Aleph is the creative drive behind Malakh Studios, and the Malakhim series.

She is a reclusive person, preferring to remain anonymous in daily life these days. A rare look into her background is available in her Smashwords interview, where she gives us a glimpse into her creative roots.

“There was a lot of darkness in my life. Thank God I believe in chiaroscuro.”

Aleph began her art through pencil and tempera work, graduating to acrylics in 1999. Most of her works have been destroyed— what Aleph characterizes as a therapeutic response to depression. A few have been sold and/or gifted to others. One pencil commission was stolen. The fate of all but three paintings remains uncertain. Two hang on display, and one is stored for her family only.

“I never deliver what’s in my head, and that’s my constant frustration. When that became too much for me, slashing the canvas or paper let me express that. That let the pressure out for a while.”

Aleph’s art revolves around emotion, empathy, and spirituality. From visual media to writing, she digs deep into the experience of her subjects. Her sight is declining, however, so visual projects have ground to a halt.

“I owe paintings to a few people, and I think about that every day. I don’t have the stamina or the sight right now to do anything about it, but if I had a really good week or something I would spend a lot of it at the easel, for sure.”

Aleph has periods of chattiness on Twitter, which she uses to keep in touch with friends and other artists while she works. She is often willing to help and encourage others when approached with respect. We ask, however, that you refrain from asking her to read/review your work. She would like to help everyone, but she has to reserve that energy for people she’s already working alongside.

Please see the section below for instructions regarding inquiries, etc. Media inquiries improperly sent through Twitter will cause the handle to be blocked.

Back to top


More Information


Aleph is the pseudonymous author of the Malakhim stories, and their original creator. The copyright for Malakhim was previously claimed by our company, Malakh Studios LLC, of which Aleph is a member, for various reasons, mostly involving providing her a thin protection from stalkers. However, the story has always belonged to Aleph and the Studios no longer holds the copyright; Aleph claims all rights, title and interest to all the Malakhim stories, art, and related content under copyright as the original author.

We do not intend any confusion with anyone else using the pseudonym. It was quite uncommon when Aleph first used it as an artist in 1994 out of an affinity for the ideas it represented (tied into the idea of an ox as a work animal among other things) and its endurance through many iterations and many transformations. Since then, many properties have found it fashionable to name a character or product after the first letter in humankind’s oldest alphabets, and who can blame them? But we intend no confusion between our artist and anyone else.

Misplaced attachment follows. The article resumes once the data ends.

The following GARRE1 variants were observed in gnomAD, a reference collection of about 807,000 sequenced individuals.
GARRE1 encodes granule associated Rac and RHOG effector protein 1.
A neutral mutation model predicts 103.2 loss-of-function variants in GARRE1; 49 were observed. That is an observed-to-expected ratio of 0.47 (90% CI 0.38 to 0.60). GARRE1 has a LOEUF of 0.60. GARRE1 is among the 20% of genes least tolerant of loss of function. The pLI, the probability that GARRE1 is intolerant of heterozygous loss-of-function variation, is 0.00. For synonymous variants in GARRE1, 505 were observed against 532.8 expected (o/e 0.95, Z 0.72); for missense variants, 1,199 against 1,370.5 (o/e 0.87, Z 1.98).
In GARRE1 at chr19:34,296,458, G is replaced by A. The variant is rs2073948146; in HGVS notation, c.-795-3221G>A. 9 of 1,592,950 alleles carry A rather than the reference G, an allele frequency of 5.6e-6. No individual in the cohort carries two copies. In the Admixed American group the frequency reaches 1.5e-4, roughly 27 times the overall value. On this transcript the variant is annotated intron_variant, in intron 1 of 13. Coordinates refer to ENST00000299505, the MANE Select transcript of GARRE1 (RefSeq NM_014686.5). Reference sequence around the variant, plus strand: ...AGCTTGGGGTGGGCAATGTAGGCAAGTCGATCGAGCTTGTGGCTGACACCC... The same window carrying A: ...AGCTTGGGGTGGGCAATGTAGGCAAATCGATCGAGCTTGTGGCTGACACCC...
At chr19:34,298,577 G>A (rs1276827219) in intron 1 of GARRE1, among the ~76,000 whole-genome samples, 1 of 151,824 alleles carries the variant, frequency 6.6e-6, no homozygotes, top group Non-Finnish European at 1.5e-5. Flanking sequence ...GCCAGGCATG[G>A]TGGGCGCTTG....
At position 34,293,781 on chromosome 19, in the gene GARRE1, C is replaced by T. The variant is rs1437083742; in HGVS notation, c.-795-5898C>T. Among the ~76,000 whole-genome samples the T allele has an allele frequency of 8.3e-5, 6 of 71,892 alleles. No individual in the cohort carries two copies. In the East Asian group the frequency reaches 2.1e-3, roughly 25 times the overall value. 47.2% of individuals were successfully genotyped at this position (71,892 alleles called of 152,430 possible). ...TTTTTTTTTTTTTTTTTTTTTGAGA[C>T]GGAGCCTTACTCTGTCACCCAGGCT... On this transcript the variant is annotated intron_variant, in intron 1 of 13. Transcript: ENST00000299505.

There is no intended reference between Aleph’s chosen pseudonym and any mystical/scriptural/other materials beyond the idea of the letter itself and its origins, and its relationship to the ox. Oxen in general are very special to her, as many references within the text indicate.

Inquiries for Aleph should be sent through the general inquiries address. Inquiries (at) malakh (dot) com. Aleph used to respond to each personally, but unfortunately that policy has been much abused. Emails are screened and only non–abusive ones are passed on to Aleph. We appreciate feedback, but will ignore heckling entirely. Life is too short for us to put up with that, especially Aleph’s.

Aleph respectfully declines general permission to alter, reproduce, or otherwise create derivative works based on the Malakhim story, its mythology and its characters. All rights are reserved as per our copyright notice. Specific permissions will be considered for works upon an appropriate request involving non-abuse-related materials. In other words: It’s not hard to ask, but take no for an answer if we don’t appreciate what you plan to do with our material.